Congress and quite a few other opposition parties from all across the country appear to be finally waking up from their long stupor. Leaders of these diverse parties, that number nearly 20 or so, came onto the same screen on Friday, August 20, to hear Congress president Sonia Gandhi via video conferencing.
A joint statement was released soon after the meeting. It vowed on behalf of these parties to gear up and challenge together the might of the current BJP-led dispensation under Prime Minister Narendra Modi in the next general election of 2024. And to make a beginning towards this onerous task the 19 parties that signed the statement announced countrywide protests from 20th of the next month to 30th September.
These protests are expected to highlight outstanding economic, civic, medical and other rights-based issues dogging the vast majority of people who have for long been suffering because of the hubris of the current leadership.
The statement lists 11 demands. These cover speeding up free mass vaccination; a monthly assistance of ₹7,500 to all families that are outside the income tax bracket; free food kits for the poor; reduction in fuel and cooking oil prices; repeal of the three controversial farm laws; check on privatisation of public sector units and dilution of labour laws; stimulus package for small- and medium-sized industry instead of loans to save jobs; job guarantee for 200 days under MGNREGA with doubling of wages and initiation of an urban job guarantee programme; early reopening of educational institutions with stepped up and quick vaccination of teachers and students; institution of a Supreme Court-monitored probe into the use of Pegasus spyware for surveillance of select targets and investigation into the Rafale fighter aircraft deal; release of political prisoners being held under UAPA in Bhima Koregaon case and anti-CAA protests; check on unfettered use of sedition and other emergency laws; and release of political prisoners in Jammu and Kashmir with restoration of statehood and holding of early assembly elections.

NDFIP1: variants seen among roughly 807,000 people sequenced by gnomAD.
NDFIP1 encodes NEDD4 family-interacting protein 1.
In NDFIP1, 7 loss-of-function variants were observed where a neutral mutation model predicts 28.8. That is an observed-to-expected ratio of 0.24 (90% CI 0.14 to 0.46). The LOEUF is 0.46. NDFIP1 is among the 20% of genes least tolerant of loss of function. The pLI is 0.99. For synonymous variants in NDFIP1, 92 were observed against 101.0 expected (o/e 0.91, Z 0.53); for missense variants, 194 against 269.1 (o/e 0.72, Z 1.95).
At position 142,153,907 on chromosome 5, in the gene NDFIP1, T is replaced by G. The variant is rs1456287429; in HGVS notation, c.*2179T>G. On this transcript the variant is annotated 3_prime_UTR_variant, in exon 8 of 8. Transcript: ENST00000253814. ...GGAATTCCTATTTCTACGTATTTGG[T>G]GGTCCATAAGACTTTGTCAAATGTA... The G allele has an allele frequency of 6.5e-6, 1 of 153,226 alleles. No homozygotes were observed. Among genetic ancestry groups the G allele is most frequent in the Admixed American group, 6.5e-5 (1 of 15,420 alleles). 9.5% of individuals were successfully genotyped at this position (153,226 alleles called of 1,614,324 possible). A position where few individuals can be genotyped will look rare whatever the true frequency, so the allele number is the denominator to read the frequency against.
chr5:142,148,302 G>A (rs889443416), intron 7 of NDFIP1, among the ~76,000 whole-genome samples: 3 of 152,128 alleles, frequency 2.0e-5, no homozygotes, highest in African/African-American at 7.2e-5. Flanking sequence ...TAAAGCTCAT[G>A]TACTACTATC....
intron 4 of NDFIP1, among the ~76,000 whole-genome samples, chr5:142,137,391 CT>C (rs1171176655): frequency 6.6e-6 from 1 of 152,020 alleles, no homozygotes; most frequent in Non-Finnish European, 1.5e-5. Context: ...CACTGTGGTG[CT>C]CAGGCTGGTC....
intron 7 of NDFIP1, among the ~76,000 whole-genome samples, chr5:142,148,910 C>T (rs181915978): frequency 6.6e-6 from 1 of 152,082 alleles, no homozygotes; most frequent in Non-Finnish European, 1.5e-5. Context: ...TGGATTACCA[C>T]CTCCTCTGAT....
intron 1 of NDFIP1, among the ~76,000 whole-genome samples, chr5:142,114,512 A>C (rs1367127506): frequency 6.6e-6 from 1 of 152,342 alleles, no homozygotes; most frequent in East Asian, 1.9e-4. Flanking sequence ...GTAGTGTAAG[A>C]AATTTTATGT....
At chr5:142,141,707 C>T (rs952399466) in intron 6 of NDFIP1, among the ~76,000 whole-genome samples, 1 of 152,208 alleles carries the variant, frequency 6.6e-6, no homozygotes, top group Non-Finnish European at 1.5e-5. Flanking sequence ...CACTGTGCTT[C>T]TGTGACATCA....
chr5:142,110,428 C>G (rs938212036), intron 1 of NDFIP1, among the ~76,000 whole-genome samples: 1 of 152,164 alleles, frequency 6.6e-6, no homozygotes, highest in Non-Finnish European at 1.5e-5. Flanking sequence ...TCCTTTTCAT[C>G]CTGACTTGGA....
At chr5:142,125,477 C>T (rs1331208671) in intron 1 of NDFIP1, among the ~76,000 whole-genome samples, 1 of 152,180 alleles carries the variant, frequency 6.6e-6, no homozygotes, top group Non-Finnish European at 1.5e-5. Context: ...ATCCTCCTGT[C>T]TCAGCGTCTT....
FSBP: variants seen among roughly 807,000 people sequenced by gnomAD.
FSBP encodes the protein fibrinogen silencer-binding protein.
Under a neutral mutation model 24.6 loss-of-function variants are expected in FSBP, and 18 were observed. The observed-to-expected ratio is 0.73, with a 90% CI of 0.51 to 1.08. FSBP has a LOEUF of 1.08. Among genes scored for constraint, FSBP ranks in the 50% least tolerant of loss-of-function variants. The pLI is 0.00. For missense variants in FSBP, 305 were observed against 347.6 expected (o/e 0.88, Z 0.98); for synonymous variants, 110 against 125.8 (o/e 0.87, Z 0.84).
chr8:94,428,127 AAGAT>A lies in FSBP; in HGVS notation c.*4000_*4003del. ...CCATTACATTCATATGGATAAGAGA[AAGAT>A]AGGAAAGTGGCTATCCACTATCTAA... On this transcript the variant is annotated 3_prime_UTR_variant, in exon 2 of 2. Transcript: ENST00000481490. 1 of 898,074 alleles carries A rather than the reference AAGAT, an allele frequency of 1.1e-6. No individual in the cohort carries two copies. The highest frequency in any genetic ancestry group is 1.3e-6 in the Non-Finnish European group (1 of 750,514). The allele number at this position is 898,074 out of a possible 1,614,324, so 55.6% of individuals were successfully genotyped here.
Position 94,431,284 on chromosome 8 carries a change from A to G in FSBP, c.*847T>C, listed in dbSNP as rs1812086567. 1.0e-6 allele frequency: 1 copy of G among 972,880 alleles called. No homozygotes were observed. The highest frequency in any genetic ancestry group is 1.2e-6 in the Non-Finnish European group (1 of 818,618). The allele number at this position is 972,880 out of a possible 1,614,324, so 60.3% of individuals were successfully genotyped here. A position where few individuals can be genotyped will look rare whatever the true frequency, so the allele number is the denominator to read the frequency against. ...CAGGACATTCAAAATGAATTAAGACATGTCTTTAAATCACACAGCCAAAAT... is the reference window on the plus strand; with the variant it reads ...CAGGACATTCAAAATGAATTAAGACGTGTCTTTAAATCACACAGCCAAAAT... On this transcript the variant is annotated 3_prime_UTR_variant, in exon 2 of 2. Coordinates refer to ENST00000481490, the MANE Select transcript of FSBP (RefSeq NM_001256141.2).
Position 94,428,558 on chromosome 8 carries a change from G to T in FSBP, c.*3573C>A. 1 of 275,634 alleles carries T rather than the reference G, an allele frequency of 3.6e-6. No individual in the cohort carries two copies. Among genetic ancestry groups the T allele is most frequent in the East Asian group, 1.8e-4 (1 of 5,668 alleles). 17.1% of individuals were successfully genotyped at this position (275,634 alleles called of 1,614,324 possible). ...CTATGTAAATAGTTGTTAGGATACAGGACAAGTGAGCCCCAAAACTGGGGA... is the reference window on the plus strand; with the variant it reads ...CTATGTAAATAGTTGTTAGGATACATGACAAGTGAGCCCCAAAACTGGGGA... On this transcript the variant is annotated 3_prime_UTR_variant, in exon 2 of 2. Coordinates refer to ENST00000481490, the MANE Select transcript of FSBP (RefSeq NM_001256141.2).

Indeed, it sounds like a long though impressive litany. Yet it lacks urgency because a month-long notice is being virtually served on the government, which was chided by the leaders attending the tele-conference. It was more intense on the part of Mamata Banerjee, Hemant Soren and Tejaswai Yadav than Sonia herself. Anyway, the farmers’ agitation will be ten months old by the time the parties begin theirs.
Moreover, these parties’ protests, which were decided on the birthday of the late Rajiv Gandhi, will conclude just two days before the death anniversary of Mahatma Gandhi, missing out on the solemnity and chance to attain a higher moral position vis-à-vis the BJP. The ruling party higher ups are already undertaking what they call ‘Ashirwaad Yatra’, or blessings tours, through several parts of the country. So the opposition parties are going to be rather late in making their move.